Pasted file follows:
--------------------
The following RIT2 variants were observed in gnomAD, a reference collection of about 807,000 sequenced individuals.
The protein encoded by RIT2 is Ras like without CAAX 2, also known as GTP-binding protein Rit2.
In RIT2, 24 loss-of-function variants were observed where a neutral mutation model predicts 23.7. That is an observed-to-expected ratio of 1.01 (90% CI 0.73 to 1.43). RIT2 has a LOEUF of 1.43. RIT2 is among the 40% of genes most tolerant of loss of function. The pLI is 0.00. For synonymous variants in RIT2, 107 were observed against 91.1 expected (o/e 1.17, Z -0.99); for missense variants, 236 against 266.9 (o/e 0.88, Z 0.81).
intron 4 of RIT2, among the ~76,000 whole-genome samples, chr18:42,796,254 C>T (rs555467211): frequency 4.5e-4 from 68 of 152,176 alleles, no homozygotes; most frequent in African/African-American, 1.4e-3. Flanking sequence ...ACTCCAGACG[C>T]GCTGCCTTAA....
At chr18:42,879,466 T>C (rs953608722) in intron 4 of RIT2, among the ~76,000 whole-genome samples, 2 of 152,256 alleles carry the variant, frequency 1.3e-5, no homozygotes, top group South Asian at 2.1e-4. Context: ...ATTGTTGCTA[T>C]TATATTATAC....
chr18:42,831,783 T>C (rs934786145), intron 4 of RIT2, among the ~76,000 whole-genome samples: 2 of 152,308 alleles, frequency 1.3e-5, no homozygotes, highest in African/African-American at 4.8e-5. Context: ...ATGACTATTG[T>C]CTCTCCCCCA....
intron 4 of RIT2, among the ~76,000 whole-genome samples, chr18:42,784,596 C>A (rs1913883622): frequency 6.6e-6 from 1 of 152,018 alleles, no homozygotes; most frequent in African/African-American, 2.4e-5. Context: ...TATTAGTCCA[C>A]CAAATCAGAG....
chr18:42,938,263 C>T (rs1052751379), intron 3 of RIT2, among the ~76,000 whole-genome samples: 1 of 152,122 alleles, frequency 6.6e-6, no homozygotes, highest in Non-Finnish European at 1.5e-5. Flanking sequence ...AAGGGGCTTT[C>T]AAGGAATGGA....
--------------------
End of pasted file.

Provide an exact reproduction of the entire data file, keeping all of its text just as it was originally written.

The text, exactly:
The following RIT2 variants were observed in gnomAD, a reference collection of about 807,000 sequenced individuals.
The protein encoded by RIT2 is Ras like without CAAX 2, also known as GTP-binding protein Rit2.
In RIT2, 24 loss-of-function variants were observed where a neutral mutation model predicts 23.7. That is an observed-to-expected ratio of 1.01 (90% CI 0.73 to 1.43). RIT2 has a LOEUF of 1.43. RIT2 is among the 40% of genes most tolerant of loss of function. The pLI is 0.00. For synonymous variants in RIT2, 107 were observed against 91.1 expected (o/e 1.17, Z -0.99); for missense variants, 236 against 266.9 (o/e 0.88, Z 0.81).
intron 4 of RIT2, among the ~76,000 whole-genome samples, chr18:42,796,254 C>T (rs555467211): frequency 4.5e-4 from 68 of 152,176 alleles, no homozygotes; most frequent in African/African-American, 1.4e-3. Flanking sequence ...ACTCCAGACG[C>T]GCTGCCTTAA....
At chr18:42,879,466 T>C (rs953608722) in intron 4 of RIT2, among the ~76,000 whole-genome samples, 2 of 152,256 alleles carry the variant, frequency 1.3e-5, no homozygotes, top group South Asian at 2.1e-4. Context: ...ATTGTTGCTA[T>C]TATATTATAC....
chr18:42,831,783 T>C (rs934786145), intron 4 of RIT2, among the ~76,000 whole-genome samples: 2 of 152,308 alleles, frequency 1.3e-5, no homozygotes, highest in African/African-American at 4.8e-5. Context: ...ATGACTATTG[T>C]CTCTCCCCCA....
intron 4 of RIT2, among the ~76,000 whole-genome samples, chr18:42,784,596 C>A (rs1913883622): frequency 6.6e-6 from 1 of 152,018 alleles, no homozygotes; most frequent in African/African-American, 2.4e-5. Context: ...TATTAGTCCA[C>A]CAAATCAGAG....
chr18:42,938,263 C>T (rs1052751379), intron 3 of RIT2, among the ~76,000 whole-genome samples: 1 of 152,122 alleles, frequency 6.6e-6, no homozygotes, highest in Non-Finnish European at 1.5e-5. Flanking sequence ...AAGGGGCTTT[C>T]AAGGAATGGA....